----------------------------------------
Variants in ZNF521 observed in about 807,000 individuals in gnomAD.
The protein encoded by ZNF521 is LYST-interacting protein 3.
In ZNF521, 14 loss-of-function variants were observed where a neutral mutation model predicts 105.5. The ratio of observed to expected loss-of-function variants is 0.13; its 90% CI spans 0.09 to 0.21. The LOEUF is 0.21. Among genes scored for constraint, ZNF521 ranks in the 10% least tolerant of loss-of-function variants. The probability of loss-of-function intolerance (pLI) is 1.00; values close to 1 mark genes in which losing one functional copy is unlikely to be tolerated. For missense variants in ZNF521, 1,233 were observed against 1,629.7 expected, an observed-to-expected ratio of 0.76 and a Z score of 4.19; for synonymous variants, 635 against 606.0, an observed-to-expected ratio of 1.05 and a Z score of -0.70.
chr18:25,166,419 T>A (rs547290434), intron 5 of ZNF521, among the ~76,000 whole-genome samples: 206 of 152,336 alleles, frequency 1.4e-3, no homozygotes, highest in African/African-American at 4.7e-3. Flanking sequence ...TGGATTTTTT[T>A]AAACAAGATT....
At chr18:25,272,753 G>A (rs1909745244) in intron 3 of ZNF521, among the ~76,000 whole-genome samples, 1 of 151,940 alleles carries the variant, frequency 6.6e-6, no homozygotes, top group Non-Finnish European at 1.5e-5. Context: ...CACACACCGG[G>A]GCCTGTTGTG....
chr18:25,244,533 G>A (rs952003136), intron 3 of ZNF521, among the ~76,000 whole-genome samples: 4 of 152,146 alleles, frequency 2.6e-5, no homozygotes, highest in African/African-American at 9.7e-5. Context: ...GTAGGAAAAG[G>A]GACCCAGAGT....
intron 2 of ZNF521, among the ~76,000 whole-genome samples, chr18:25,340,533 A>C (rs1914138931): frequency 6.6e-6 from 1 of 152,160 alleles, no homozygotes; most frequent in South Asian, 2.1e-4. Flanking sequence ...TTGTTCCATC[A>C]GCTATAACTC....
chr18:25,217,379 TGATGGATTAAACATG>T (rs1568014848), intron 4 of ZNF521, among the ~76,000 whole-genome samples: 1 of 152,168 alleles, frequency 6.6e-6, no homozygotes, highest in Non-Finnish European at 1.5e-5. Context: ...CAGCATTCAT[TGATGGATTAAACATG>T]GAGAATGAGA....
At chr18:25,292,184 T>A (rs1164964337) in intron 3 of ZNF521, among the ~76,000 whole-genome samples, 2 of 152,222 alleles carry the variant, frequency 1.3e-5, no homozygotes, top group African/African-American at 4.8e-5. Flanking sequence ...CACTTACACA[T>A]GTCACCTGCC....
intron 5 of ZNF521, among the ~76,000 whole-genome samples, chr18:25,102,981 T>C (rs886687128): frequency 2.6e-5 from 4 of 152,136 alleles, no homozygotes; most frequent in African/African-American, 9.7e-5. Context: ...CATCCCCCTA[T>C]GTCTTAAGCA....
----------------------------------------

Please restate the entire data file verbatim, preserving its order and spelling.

Variants in ZNF521 observed in about 807,000 individuals in gnomAD.
The protein encoded by ZNF521 is LYST-interacting protein 3.
In ZNF521, 14 loss-of-function variants were observed where a neutral mutation model predicts 105.5. The ratio of observed to expected loss-of-function variants is 0.13; its 90% CI spans 0.09 to 0.21. The LOEUF is 0.21. Among genes scored for constraint, ZNF521 ranks in the 10% least tolerant of loss-of-function variants. The probability of loss-of-function intolerance (pLI) is 1.00; values close to 1 mark genes in which losing one functional copy is unlikely to be tolerated. For missense variants in ZNF521, 1,233 were observed against 1,629.7 expected, an observed-to-expected ratio of 0.76 and a Z score of 4.19; for synonymous variants, 635 against 606.0, an observed-to-expected ratio of 1.05 and a Z score of -0.70.
chr18:25,166,419 T>A (rs547290434), intron 5 of ZNF521, among the ~76,000 whole-genome samples: 206 of 152,336 alleles, frequency 1.4e-3, no homozygotes, highest in African/African-American at 4.7e-3. Flanking sequence ...TGGATTTTTT[T>A]AAACAAGATT....
At chr18:25,272,753 G>A (rs1909745244) in intron 3 of ZNF521, among the ~76,000 whole-genome samples, 1 of 151,940 alleles carries the variant, frequency 6.6e-6, no homozygotes, top group Non-Finnish European at 1.5e-5. Context: ...CACACACCGG[G>A]GCCTGTTGTG....
chr18:25,244,533 G>A (rs952003136), intron 3 of ZNF521, among the ~76,000 whole-genome samples: 4 of 152,146 alleles, frequency 2.6e-5, no homozygotes, highest in African/African-American at 9.7e-5. Context: ...GTAGGAAAAG[G>A]GACCCAGAGT....
intron 2 of ZNF521, among the ~76,000 whole-genome samples, chr18:25,340,533 A>C (rs1914138931): frequency 6.6e-6 from 1 of 152,160 alleles, no homozygotes; most frequent in South Asian, 2.1e-4. Flanking sequence ...TTGTTCCATC[A>C]GCTATAACTC....
chr18:25,217,379 TGATGGATTAAACATG>T (rs1568014848), intron 4 of ZNF521, among the ~76,000 whole-genome samples: 1 of 152,168 alleles, frequency 6.6e-6, no homozygotes, highest in Non-Finnish European at 1.5e-5. Context: ...CAGCATTCAT[TGATGGATTAAACATG>T]GAGAATGAGA....
At chr18:25,292,184 T>A (rs1164964337) in intron 3 of ZNF521, among the ~76,000 whole-genome samples, 2 of 152,222 alleles carry the variant, frequency 1.3e-5, no homozygotes, top group African/African-American at 4.8e-5. Flanking sequence ...CACTTACACA[T>A]GTCACCTGCC....
intron 5 of ZNF521, among the ~76,000 whole-genome samples, chr18:25,102,981 T>C (rs886687128): frequency 2.6e-5 from 4 of 152,136 alleles, no homozygotes; most frequent in African/African-American, 9.7e-5. Context: ...CATCCCCCTA[T>C]GTCTTAAGCA....